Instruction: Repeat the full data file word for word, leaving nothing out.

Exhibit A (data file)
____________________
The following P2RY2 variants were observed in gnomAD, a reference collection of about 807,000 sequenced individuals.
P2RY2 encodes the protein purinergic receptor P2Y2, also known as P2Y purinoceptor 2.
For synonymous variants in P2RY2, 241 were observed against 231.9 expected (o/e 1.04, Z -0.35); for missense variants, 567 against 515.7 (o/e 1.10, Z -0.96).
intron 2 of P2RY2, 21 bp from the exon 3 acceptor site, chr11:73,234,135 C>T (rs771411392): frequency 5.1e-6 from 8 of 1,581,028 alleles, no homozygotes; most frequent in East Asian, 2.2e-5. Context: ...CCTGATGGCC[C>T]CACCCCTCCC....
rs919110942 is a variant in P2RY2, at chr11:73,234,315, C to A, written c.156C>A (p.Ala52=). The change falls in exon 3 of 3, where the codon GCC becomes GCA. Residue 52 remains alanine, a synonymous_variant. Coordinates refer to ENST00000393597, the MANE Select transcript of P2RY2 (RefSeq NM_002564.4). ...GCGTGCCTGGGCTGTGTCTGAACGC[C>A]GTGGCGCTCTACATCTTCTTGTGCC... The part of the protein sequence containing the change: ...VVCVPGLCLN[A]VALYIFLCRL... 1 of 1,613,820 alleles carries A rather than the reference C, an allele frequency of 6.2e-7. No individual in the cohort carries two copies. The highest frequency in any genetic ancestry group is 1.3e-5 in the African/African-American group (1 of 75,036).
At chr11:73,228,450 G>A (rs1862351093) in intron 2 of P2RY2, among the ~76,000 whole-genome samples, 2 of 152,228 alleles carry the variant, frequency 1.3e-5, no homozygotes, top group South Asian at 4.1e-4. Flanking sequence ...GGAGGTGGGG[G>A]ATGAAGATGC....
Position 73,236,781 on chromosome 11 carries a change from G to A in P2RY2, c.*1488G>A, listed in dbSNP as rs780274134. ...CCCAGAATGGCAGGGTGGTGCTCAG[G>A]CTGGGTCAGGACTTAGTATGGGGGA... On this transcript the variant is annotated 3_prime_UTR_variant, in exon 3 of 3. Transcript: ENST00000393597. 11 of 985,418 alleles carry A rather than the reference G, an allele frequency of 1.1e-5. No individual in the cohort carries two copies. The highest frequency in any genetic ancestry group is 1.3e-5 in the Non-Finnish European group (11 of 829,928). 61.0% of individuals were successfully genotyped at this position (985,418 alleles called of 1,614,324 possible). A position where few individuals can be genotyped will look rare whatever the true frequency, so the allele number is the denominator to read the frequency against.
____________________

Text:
The following P2RY2 variants were observed in gnomAD, a reference collection of about 807,000 sequenced individuals.
P2RY2 encodes the protein purinergic receptor P2Y2, also known as P2Y purinoceptor 2.
For synonymous variants in P2RY2, 241 were observed against 231.9 expected (o/e 1.04, Z -0.35); for missense variants, 567 against 515.7 (o/e 1.10, Z -0.96).
intron 2 of P2RY2, 21 bp from the exon 3 acceptor site, chr11:73,234,135 C>T (rs771411392): frequency 5.1e-6 from 8 of 1,581,028 alleles, no homozygotes; most frequent in East Asian, 2.2e-5. Context: ...CCTGATGGCC[C>T]CACCCCTCCC....
rs919110942 is a variant in P2RY2, at chr11:73,234,315, C to A, written c.156C>A (p.Ala52=). The change falls in exon 3 of 3, where the codon GCC becomes GCA. Residue 52 remains alanine, a synonymous_variant. Coordinates refer to ENST00000393597, the MANE Select transcript of P2RY2 (RefSeq NM_002564.4). ...GCGTGCCTGGGCTGTGTCTGAACGC[C>A]GTGGCGCTCTACATCTTCTTGTGCC... The part of the protein sequence containing the change: ...VVCVPGLCLN[A]VALYIFLCRL... 1 of 1,613,820 alleles carries A rather than the reference C, an allele frequency of 6.2e-7. No individual in the cohort carries two copies. The highest frequency in any genetic ancestry group is 1.3e-5 in the African/African-American group (1 of 75,036).
At chr11:73,228,450 G>A (rs1862351093) in intron 2 of P2RY2, among the ~76,000 whole-genome samples, 2 of 152,228 alleles carry the variant, frequency 1.3e-5, no homozygotes, top group South Asian at 4.1e-4. Flanking sequence ...GGAGGTGGGG[G>A]ATGAAGATGC....
Position 73,236,781 on chromosome 11 carries a change from G to A in P2RY2, c.*1488G>A, listed in dbSNP as rs780274134. ...CCCAGAATGGCAGGGTGGTGCTCAG[G>A]CTGGGTCAGGACTTAGTATGGGGGA... On this transcript the variant is annotated 3_prime_UTR_variant, in exon 3 of 3. Transcript: ENST00000393597. 11 of 985,418 alleles carry A rather than the reference G, an allele frequency of 1.1e-5. No individual in the cohort carries two copies. The highest frequency in any genetic ancestry group is 1.3e-5 in the Non-Finnish European group (11 of 829,928). 61.0% of individuals were successfully genotyped at this position (985,418 alleles called of 1,614,324 possible). A position where few individuals can be genotyped will look rare whatever the true frequency, so the allele number is the denominator to read the frequency against.